Boston Evening Globe, April 5, 1921

Boston Evening Globe

April 05, 1921

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Issue date: Tuesday, April 5, 1921

Pages available: 18

Previous edition: Monday, April 4, 1921

Next edition: Wednesday, April 6, 1921 - Used by the World's Finest Libraries and Institutions
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Publication name: Boston Evening Globe

Location: Boston, Massachusetts

Pages available: 38,436

Years available: 1915 - 1922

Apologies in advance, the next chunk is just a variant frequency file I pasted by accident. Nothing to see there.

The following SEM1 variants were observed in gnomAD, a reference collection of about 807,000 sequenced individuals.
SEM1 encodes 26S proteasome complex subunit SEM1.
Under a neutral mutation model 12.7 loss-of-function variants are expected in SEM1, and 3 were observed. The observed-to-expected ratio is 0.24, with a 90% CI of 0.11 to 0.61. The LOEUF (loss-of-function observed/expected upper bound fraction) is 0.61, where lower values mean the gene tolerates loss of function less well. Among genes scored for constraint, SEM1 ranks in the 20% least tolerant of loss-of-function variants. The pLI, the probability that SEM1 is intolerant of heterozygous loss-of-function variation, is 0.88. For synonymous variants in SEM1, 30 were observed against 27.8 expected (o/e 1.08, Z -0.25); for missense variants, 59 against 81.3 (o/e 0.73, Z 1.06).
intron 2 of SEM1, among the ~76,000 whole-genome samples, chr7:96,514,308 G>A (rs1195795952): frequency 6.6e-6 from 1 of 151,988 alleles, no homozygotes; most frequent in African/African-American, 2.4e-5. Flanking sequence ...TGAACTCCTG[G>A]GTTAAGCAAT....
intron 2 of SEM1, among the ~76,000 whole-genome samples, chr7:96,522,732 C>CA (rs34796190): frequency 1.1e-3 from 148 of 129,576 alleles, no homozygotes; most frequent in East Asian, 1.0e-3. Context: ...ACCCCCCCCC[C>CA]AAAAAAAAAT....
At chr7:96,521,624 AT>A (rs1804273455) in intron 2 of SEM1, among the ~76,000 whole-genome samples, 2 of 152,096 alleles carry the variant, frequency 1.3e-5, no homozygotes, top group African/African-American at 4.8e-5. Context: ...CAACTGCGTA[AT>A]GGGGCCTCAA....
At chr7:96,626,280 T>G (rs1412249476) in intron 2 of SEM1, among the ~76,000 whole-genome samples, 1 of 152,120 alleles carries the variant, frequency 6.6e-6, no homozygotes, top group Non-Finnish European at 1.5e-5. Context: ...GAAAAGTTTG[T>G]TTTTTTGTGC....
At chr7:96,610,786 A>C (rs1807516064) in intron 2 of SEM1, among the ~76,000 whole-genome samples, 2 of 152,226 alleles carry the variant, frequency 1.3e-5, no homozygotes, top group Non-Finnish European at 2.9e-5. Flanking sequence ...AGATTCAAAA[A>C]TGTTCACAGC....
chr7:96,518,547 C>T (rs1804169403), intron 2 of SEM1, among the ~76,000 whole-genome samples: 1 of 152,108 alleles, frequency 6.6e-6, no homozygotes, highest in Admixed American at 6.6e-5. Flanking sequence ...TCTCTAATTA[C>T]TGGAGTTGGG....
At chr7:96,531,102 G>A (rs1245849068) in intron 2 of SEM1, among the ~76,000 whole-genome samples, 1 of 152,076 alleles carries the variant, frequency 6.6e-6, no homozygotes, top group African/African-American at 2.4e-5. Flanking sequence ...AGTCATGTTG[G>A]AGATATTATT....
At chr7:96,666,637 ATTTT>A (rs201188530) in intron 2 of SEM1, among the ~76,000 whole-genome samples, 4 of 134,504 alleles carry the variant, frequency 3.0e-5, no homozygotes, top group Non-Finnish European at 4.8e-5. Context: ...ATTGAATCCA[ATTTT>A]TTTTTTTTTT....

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Boston Evening Globe (Newspaper) - April 5, 1921, Boston, Massachusetts READ The Wants—The Store Advts The Uncle Dudley Editorial In Today*s Globe Mon venin*! clition VOL XCIX NO. 95 Entered as second class matter at Boston, Mass., under tile act of March 8. 187U. BOSTON, TUESDAY EVENING. APRIL 5, 1921-18 PAG ES-TWO CENTS COPYRIGHT. 1921. BT THE GLOBE NEWSPAPER OO. 7:30 FINAL-CLOSING STOCKS IN    Mrs Rankine of 5th Av, L INVESTIGATION New York, Disappears TS STATUS AS CHURCH OFFICER Courts May Be Asked to Decide Whether She Is ' I*. Still “Active” as Much as Directors The possibility that the courts may be asked to decide whether or not Mary Baker Eddy is still an active governmental officer of the Christian Science Church was revealed this morning during a hearing before Judge Braley in the Supreme Court, on the question of making alterations in the Manual of the Mother Church, pending the decision by the full bench on the major cases in lite Christian Science litigation. Edwin A. Krauthoff. speaking on his petition for an injunction restraining tile directors from revising the Manual, declared that he objected to the proposed insertion in the Manual now under preparation of the word '‘active” before the designated "officers of the church,” ■which follows the name of Mrs Eddy as pastor-emeritus, and refers to the directors of the church whose name are printed below. Mr Krauthoff said that he wished a declaration by the court that Mrs Eddy is still an active officer of the church just as much as the directors are active officers. Upon Judge Braley’s remarking that he did not see how such a condition could possibly exist.- Mr Krauthoff said that he coy kl prove it by the doctrines of the church and the admissions of church officers. Judge. Braley denied Mf Krauthoff’s request for an ad interim injunction against the directors, and said he would refer the matter to Judge Frederic A. Dodge as master. Judge Dodge was master in the original Christian Science cases. Mr Krauthoff then asked that Judge Dodge be asked to And as to the status of Mrs Eddy, and Judge Braley said that he would hear Mr Krauthoff on that question Friday. To Go to Master for Finding Earlier in the morning Judge Dodge stated that he would send the supplemental bill of John V. Dittemore, which seeks to prevent the removal of Mr Dittemore’s name from the list of directors in the new Church Manual, to a master for a finding on the questions of fact involved. In the'meantime a stipulation will be entered that there shall be no change in regard to Mr Dittemore's name pending further order by the court. Charles F. Choate .lr appeared as counsel for the trustees under Mrs Eddy's will, while Ex-Gov John I. Bates spoke as counsel for the directors. The trustees under the will are Messrs Dickey, Merrit. Neal and Ruthven of the board of directors. Mr Dittemore, whose status as a director is In litigation, and Josiah E. Fernald of Concord. N II. This is the first time the trustees under the will have appeared directly in the litigation. William G. Thompson, counsel for Mr Dittemore, said that all he asked was that the status quo be preserved until the full I tench has passed on Mr Ditte-more's status. He declared that the only issue of fact is the motive of Mr Choate’s clients in seeking the change. Mr Choate, said that Hie church records show that Mrs Annie M Knott is a director in place of Mr Dittemore and that the Manual should be in accordance with these records. Sherman I,. Whfppie, counsel for the trustees of tile Christian Science Publishing Society, who are also defend- Continuctl on tile Second Page. DECISION GIVEN OUT BY COMMITTEE Counsel in Place of Judge Chase Not Yet Chosen The special committee of the Legislature appointed to investigate the charges of ‘alleged misconduct on the part of members of the General Court in 1918 and 1919 in connection with the passage those years of Boston Elevated Railway legislation will hold public hearings was decided at a meeting today of the committee. No choice was made of a counsel to take the place of Judge Frederic H. Chase of Concord, who has withdrawn. The committee will meet again at 4 tills afternoon and it is expected that i further plans will be made at that time jas to the date and conduct of the com-i mitttee's investigation. , At 2:30 this afternoon Senator Gris-j wold, chairman of the committee, an-I pounced that the committee had requested Bank Commissioner Joseph C. I Allen to turn over to it all information in his possession concerning loans made by any of the four closed trust com-; panics to members of the 1918 Legisla-; ture. Tills is the same information asked i for by the Executive Council it is J understood the Bank Commissioner is ; ready to comply with the request of the , committee. CHAMBER OF COMMERCE VOTES 20 TO I FOR GENERAL SALES TAX Rival of the Robin and Pussy Willow, the Straw Hat, Has Arrived in Boston By a vote of Dractically 20 to I, the members of the Boston Chamber of Commerce, in a referendum vote, the results of which were announced today, indorsed the principle of a general sales tax, the abolition of the excess profits tax on corporations and the surtax on individuals. They also indorsed the idea of levying a sales tax at a uniform rate on all sales, for the purpose of equitable distribution. BERESNACK ON TRIAL ON BRIBE CHARGES Woman Witness, After Denying Being Arrested in Malden, Admits She Was Arrested Four Times LAST SEEN A WEEK AGO ENTERING AN AUTO Eluding a Companion, She Rode Away Rapidly CAPTURED AFTER A HOT FICHT East Boston Building Workers Were Attacked BRITISH REPLY TO NOTE ON MESOPOTAMIAN OIL American Contentions for Equal Treatment “Scarcely Consistent” With Mexican Policy LONDON. April 5—American contentions for equality of treatment for the Be sure to have your Real Estate advts appear in tomorrow's Globe. During the three months ending March 31 the Globe printed 13,330 Real Estate advts. No System Can Beat Ours Persistent)v monthly Saving with us will in a few yearn convince you You can start with a dollar or any amount you prefer VOLUNTEER CO-OP. BANK 120 Tremont Street Tel. Wain 4200 citizens of all Nations in mandated territory are held by the British Government to be “scarcely consistent” with thefattitude of the United States toward American oil interests in Mexico. The British view is expressed in a long reply to Sec Colby’s note of last Nov 20, whicli was made public today. The note, signed by Lord Curzon, Secretary of State for Foreign Affairs, was delivered March I and was in answer to Sec Colby h exceptions to the San Remo agreement between Great Britain and I* lance relating to petroleum resources in Mesopotamia. That agreement. Lord t’urzon said, was not fully understood it appeared, adding that it "aimed at no monopoly or exclusive rights.” Ti16-. Mesopotamian agreement was said by I .Ord Curzon to be subject to oil concessions in the Vilayets of Bagdad and Mosul, granted to British interests before the war, and not to be treated “merely as a matter of abstract principle" without reference lo pre-war negotiations. Rights acquired in Palestine by the Standard Oil Company are no stronger than these British rights the note adds. He’s arrived! The rival of the robin, the pussywillow, the dandelion as the harbingers of Spring is right in Boston. He has even gone the robin, the pussywillow and the tfhndelion “several better,” for he has boldly—and blandly—gone on record as being convinced that Summer is at hand. He is a quiet, mild-mannered and entirely unobtrusive individual who had the temerity early today pracidly, unconcernedly, to walk through the crowded streets of the city resplendent in a shiny, new white—straw hat! It was unquestionably the first straw hat of the season, and as Mr Unknown walked with careless abandon from the vicinity of Young’s Hotel to Washington st and along that thoroughfare, only to become lost in the maelstrom of humanity, he was easily the cynosure of all eyes. He deserved credit; he’s a game guy! Pope Received Second Group of Sailors From The U. S. S. Pittsburg Samuel Beresnack, a Federal prohibition agent, charged in an Indictment returned by the Federal Grand Jury with conspiracy in asking and receiving bribes in connection with the performance of his duties as prohibition agent, went on trial before Judge Morton and a Jury in the Federal District Court this forenoon. Several challenges were made in the selection of the jury and the presentation of evidence began at 11:30, with Asst United States Dist Atty Daniel A. Shea for the Government and attorney William R. Scharton for the defense. The first witness was Frank W. Lanagan, assistant to Prohibition Enforcement Agent McCarthy, who testified that the defendant was legally appointed a prohibition agent by Commissioner Williams and had been acting for more than a year as a Federal prohibition agent. Attorney Scharton asked relative to the activities of the defendant and the number of arrests he had made. Mr Shea objected and the court advised the witness not to answer. Mrs Ida Bleeofsky, principal witnessin the case for the Government, was then called. She testified that three months ago Beresnack and two other agents searched her house and found two gallon jugs and some whisky. The next day, she testified, a man named Berman called at her house and advised her not. to employ a lawyer, but to see Beresnack and he would fix it up with her. He said, she continued, that it would be better not. to pay a lawyer $50, and would be better to give Beresnack $150 and not to be troubled with going to court. She testified she sent a man named Richmond to the Federal Building, who brough! back a business card bearing the name of Samuel Beresnack and the address 14 North Russell st. She stated that Beresnack telephoned her on the following Tuesday, and that she recognized his voice. She testified that he suid, "Are you coming over to see me?” She said she answered, "I don’t know.” He replied, “Do you want me to arrest you?” to which she said Bite replied, "You don’t have to arrest me; I will come over.” She testified that she was in court Wednesday, with her attorney and the case was continued. She testified that the following day Berman called on her at her house and told her that a man named Harry Macey and himself had a case which Beresnack fixed up for $200. Two or three days later, she testfled, she went with Berman to a house on North Russell st. but could not remember the number and that she did. not talk to Beresnack, but that Berman did. The two men were in a room and Beresnack, according to her testimony, came out after a while and said: “You better listen to Mr Berman and myself, and everything will be all right. I am in a hurry now.” "Berman,” she testified, “told me that the report in the case would be changed.” She testified, that Berman did not tell her of the contents of the report, but the attorney did. At this point the witness was cross-examined by attorney Scharton, who asked her how long she had lived in this country, to which she replied that-she had been here IO years and had lived in Midden the entire time. The attorney asked her if she had been arrested and fined $50 in the Malden Court on a liquor charge, but she denied the question in the many forms it was presented. The objections of Mr Shea were upheld by the court, who told the witness that she need not answer any question tending to incriminate her, as selling liquor is a serious charge. The attorney was unable to break the witness down in her denial of the Malden Court record, as alleged. Following the ending of the witness’ testimony, she sent word to the court that she wanted to retract a part of her testimony. On 'again taking the stand, she admitted that she had been arrested four times in Malden, as charged by the attorney for the defense, but Justified her action on what she said was her understanding of her rights. Lawyer Scharton suggested what admonishment' should be dealt out for perjury. and the court, after questioning the witness, stated that he would take that matter under consideration. GLOBE. . . 114,655 2nd Paper 18,221 Globe’s Lead 96,434 During the three months ending March 31 st, the Globe printed 114,655 want, and classified advts. This was 96,434 more than were printed in the second Boston paper (having daily and Sunday editions.) Sunday Globe Advts mutt be ordered as early In the week as Is possible. Be sure to have your Real Estate, Business Chances, Automobile, Board and Rooms and Help Wanted advts appear in tomorrow’s and Thursday's Globe. Head the Want and Classified advts in today’s Globe. ROME, April 4—Pope Benedict today received a group of sailors from the United States cruiser Pittsburg. They were presented by Chaplain Duff Of tile cruiser. This was the second detachment of sailors from the Pittsburg received hy the Pope, lite first group visiting tile Vatican on Friday last. REFUSE TO INDICT DUNN FOR SUNDAY BALL GAME BALTIMORE, April 5—The Grand Jury lias refused to indict Jack Dunn. i manager of the Baltimore Interna-j tlonals. on charges of working on Sun-1 day in a baseball game at Oriole Park I on April 3. Efforts are being made by I various Sunday observance organizations to suppress Sabbath bali playing here, but thus far without success. THE WEATHER United States Weath-er Bureau forecasts: P’or Boston and its vicinity: Fair tonight and Wednesday; somewhat cooler Wednesday; moderate, variable wind. For Southern New England:    Fair to night and Wednesday ; cooler on the Blastern Massachusetts coast tonight; moderate, shifting wind. For Northern New England: Fair to-night and Wednesday; not much change in temperature; moderate northeast and east wind. For Eastern New York: Fair tonight and Wednesday; not much change In temperature; moderate, southerly wind Lowest temperature in New England last night, 32 at Greenville and Eastport. Me Temperatures at 8 a in: New York. 56: Washington, 56; Chicago, 60; Highland Light, 42; sea, smooth Boston observations 8 a iii:    Bar*- ter, 30.31 inches; temperature, 61; highest yesterday, 61; lowest last night, 46; humidity, 49 percent; wind, west, ll miles; clear. The temperature in Boston rose to 70 degrees at 9:40 a in today when the wind shifted to east, and there was a fall of 16 degrees in 20 minutes, the thermometer at IO a rn registering 54 degree*;, J There was full sunshine Monday, or | IOO percent of the possible 12.8 hours. The Temperature Today | The thermometer ut Thotu|>soii'i* Spa reciril* I iii" temperature tip to 8 ii rn today aa follows: 1920 1021 I    1020 1021 I :t ii iii........ 39    4*    !    I    ii    in    ........ 46    .IS 11 ii iii........ 40    fit*    j    2    ti    rn........ 48    52 9 ii rn........ 42    OJI    I    3    p    rn........ 48    DI 12 rn........ 44    Ob    I PRESIDENT HARDING TO PITCH FIRST BALL IN WASHINGTON WASHINGTON, April 5—-President Harding, who for many years has been an enthusiastic fan, today accepted an invitation to pitch the first ball at the opening of the American baseball season here April 13. MRS ANNETTE K. RANKINS. Special Dispatch to the Globe NEW YORK, April 5—Just a week ago today Mrs Annette Kingsley Norton Rankine, wealthy widow of William Birch Rankine, and residing at 14 East 60th st, near 8th av, dismissed a limousine, which she was in the habit of using for park drives and calling, at 59th st and 2d av, near the approach to the Queensborough Bridge. Since then no trace of her has been found. Her brother, Benjamin Verner Norton, one of the assistant secretaries of the 6th-av branch of the Guaranty Truet Company, on Friday asked the police to search for her and send out a “confidential alarm.” The police have learned nothing to indicate what has become of Mrs Rankine. The strictest injunctions were imposed upon the police, all members of the family and the management of the apartment hotel at which Mrs Rankine lived, to observe secrecy, and particularly not to give any information to newspapermen. These injunctions were observed, but enough was learned to lead to the belief that Mrs Rankine, who had not been in the best of health and was subject to nervouse attacks, eluded a nurse or companion, who usually accompanied her. evaded the chauffeur, who always drove her, and vanished of her own will. Her husband was the founder of the Niagara Falls Power Company and was known in Niagara Falls as the “father” of the town. I To the surprise of her family. Mr Rankine In February, 1905, married Miss Annette K. Norton, daughter of Edward Kingsley Norton of Buffalo. On Sept 30, 1905, Mr Rankine died of pneumonia at Franconia. N H, where he and his bride were Summering. The sudden ending of her married life was a tremendous shock to Mrs Rankine. She was many years younger than her husband, was beautiful, and after his death practically the sole heir to his very considerable estate. With her mother and brother she lived for a while in Buffalo. Some years later she bought a handsome estate, the Lilacs, at New Canaan, Conn, and moved there with her mother and brother In 1917 she moved to New York city, where she and her mother rented an expensive apartment at 14 East 60th st. Suggestion of kidnaping, of some secret affair, of robbery and of bodily injury and even robbery were taken up by the police and all laid aside. A search of the city and a watch at the morgue and other places where a suicide or attempted suicide would probably be disclosed, failed. It is not known how much money Mrs Rankine had when she left her apartment. She wore very little jewelvy anil that of the simplest character, her diamond engagement ring forming the most valuable part of it. A close watch on her bank account has proved equally unproductive of results. She was dressed completely in black. A police officer had a narrow escape from being shot, his prisoner was so badly mauled that he had to be treated at a hospital, and a smallsized riot occurred in and near Maverick sq. East Boston, about noon today, when Angelo Balza, 47, living at 67 Frankfort st, attempted io use a revolver on patrolman John F. W. Ferris of the East Boston police station. Only the prompt interference<of patrolman Antonio Velardi is believed to have saved Ferris from serious injury if not death. Velardi, who was on duty in the square, heard the commotion and, rushing up, knocked the weapon from Balza’s hand with a well-directed blow of his billy. This incident was the climax of a demonstration made two hours earlier by a group of about 50 strikers in front of the building at 22 Chelsea st, where a renovating job is being done by William J. Burke, a contractor. At that time the group demanded that the six men employed on the job, all said to be union men, quit. They refused and were showered with squared sidewalk bricks. All But One May Quit Job A squad of officers hurried to the scene from Station 7, which is just around the corner at Meridian and Emmons sts, and the strikers were driven away. The demonstration had its desired effect a short time laten however, when all but one of the workmen quit. Benjamin Santosuosso, a concrete worker, remained to complete the job he had already started. He declared he too would retire when this patch of work was completed, but felt that it was a shame to allow the concrete to harden and go to waste. This decision did not appeal to the strikers, who returned and paced up and down on the sidewalk across the street from the building. Just before noon an unknown man and Balza walked toward the building. The unknown man approached George Cardillo, aged 24, son of the owner of the building. He said he was going to pull out Santosuosso. Cardillo advised him against force and put out his hand to stop him. Ae he did, it is alleged that Balza, who was standing near, picked up a brick and hurled it at him.    , Cardillo threw his band up and then ducked to escape the missile. It struck him on the hand, inflicting a severe cut. Balza then started to Continued on the Second Pnge. GETS ALLEGED THIEF AFTER THRILLING CHASE I-- Captor Then Saves Him From Attack by Enraged Roxbury Women—Man Held For Grand Jury BODY OF MAN FOUND ON NANTASKET BEACH HULL. April 5—The body of a man was found this morning face down in the sand on the beach below the Atlantic House at Nantasket. It was discovered by George Clark, Massachusetts life guard of the Metropolitan District here. The man was well dressed in a serge suit of dark blue, a white linen collar with a lavender four-in-hand tie, a white shirt with large blue and small black stripes, and black shoes and socks. He had gray hair- was smooth i shaven, of ruddy complexion, had no teeth, was 5 ft 5 in in height and was judged by the police to be about 55 years old. A cheap watch, a $2 billl in a small black wallet and 64 cents In change were the only possessions found on the body. There were no marks on the clothing or other means of identification. There was a slight bruise on the right side of the face, which Sergt Stevens of the local police said was probably caused by chafing in the sand. The police judge that he waB not in the water more than four or five hours. His hands were in good condition and indicated that he bad not recently done any manual labor. The body was viewed by John H. Peters, medical examiner for this district, who pronounced death due to drowning. The body was removed to the undertaking parlors of George H. Downing in Hingham, where it will be held for identification. Authorities are Inclined to believe it a case of suicide. Tumulty Wins His First Case—Gets a Booze Permit For a Friend in New Jersey By M. E. HENNESSY WASHINGTON, April 5—Joseph P. Tumulty, for eight years Woodrow Wilson’s private secretary, told with glee this morning of the first case he has had before the departments since he resumed practice of law. Joe was coming along loth st like a Bteam engine, when he ran into two old friends near the Treasury Building. “Glad to see you boys,” said the ex-secretary. “Don’t stop me, I’m in a great hurry; have to work for a living now. Just won my first case. “I went before Kramer this morning and poured out all the eloquence at my command on him for a whole hour. Guess he was unable to resist my oratory, for he gave me a booze permit for a client in New Jersey. Ain’t it great to work and win? I’ll say it is,” and Joe was on his way at top speed. The story of an alleged burglary and thrilling chase, which was suppressed hy the police, was revealed in West Roxbury Court this morning when Edward Scanlon, alias Edward Sullivan, was arraigned before Judge Perrins, charged with breaking and entering and larceny and with the possession of burglar’s tools. Judge Perrins held him ni $1500 on each of tile counts for the Grand Jury. A noise was heard at the door of the apartment of Arthur Sutherland at 257 Ashland st. Rosltndale, yesterday afternoon bv Mrs Mary Gorman, who lives in an adjoining apartment. Mrs Gorman screamed when she opened her door and saw a strange man. Employes of the city, who were working on the street outside, heard the screams and gave chase, but Scanlon was too fast for them. John H. Magee, a brakeman for the New Haven Road, who lives nearby, also heard the screams. He was working in his garden at the time and was wearing slippers. He started after the man and his slippers came off. He chased Scanlon along Ashland st in his stocking feet for nearly a quarter of a mile. When the men reached Brown av the children were coming out of school and hundreds of them joined in the chase. After going over several fences and througli fields, McGee, all the time in his stocking feet, at. last overtook Scanlon and brought him back t® the house. Scanlon threw away some of the jewelry, it is claimed, in his flight and also threw off his overcoat. McGee recovered them. When McGee returned to tile house with Scanlon several women were about to attack Scanlon when McGee pleaded with them to allow the police to look after the man. Scanlon pleaded with the women to let him go. claiming he was tubercular and had Just returned from a year and a half stay at Rutland. The women would not listen to his plea and opened hi! coat, where they claim they found more of the stolen property. One of the women telephoned to Station 17. Some time later a small automobile, with two police officii!., arrived on the secene anil placed Scallion under arrest. Special officer William Tilton prosecuted the case for the Government. According to the record read by probation officer Frank Skelton, Scanlon has been arrested many times and his picture is in the gallery at Police Headquarters. There have been several breaks in the Mf Hope section, near the scene of yesterday’s excitement but this is the first arrest made. The people in the Mf Hope section are stirred up over the breaks. Tile Sutherland property was valued at $165 by Mr Sutherland. Order the Daily and Sunday Globe regularly from your newsdealer or newsboy. Read the Real Estate advts in today's Globe. Hiram Ricker & Sons Go. Ricker Hotel Company ANNOUNCE THE REMOVAL OF THEIR OFFICE TO 372 BOYLSTON ST. Ret ween Arlington and Berkeley St*. AM. INFORMATION REGARDING POI. A NU IVA TESI AND HOTEL RESERVATIONS MAV HE OBTAINED AT THE ABOVE ADDRESS. TELEPHONE BACK BAY 9700 *  -ii—ll, ——————W— EB’lSff I Yob cant help but like them!* «7Aey are DIFFERENT nhey are GOOD t20 for 15$ it. •rn ;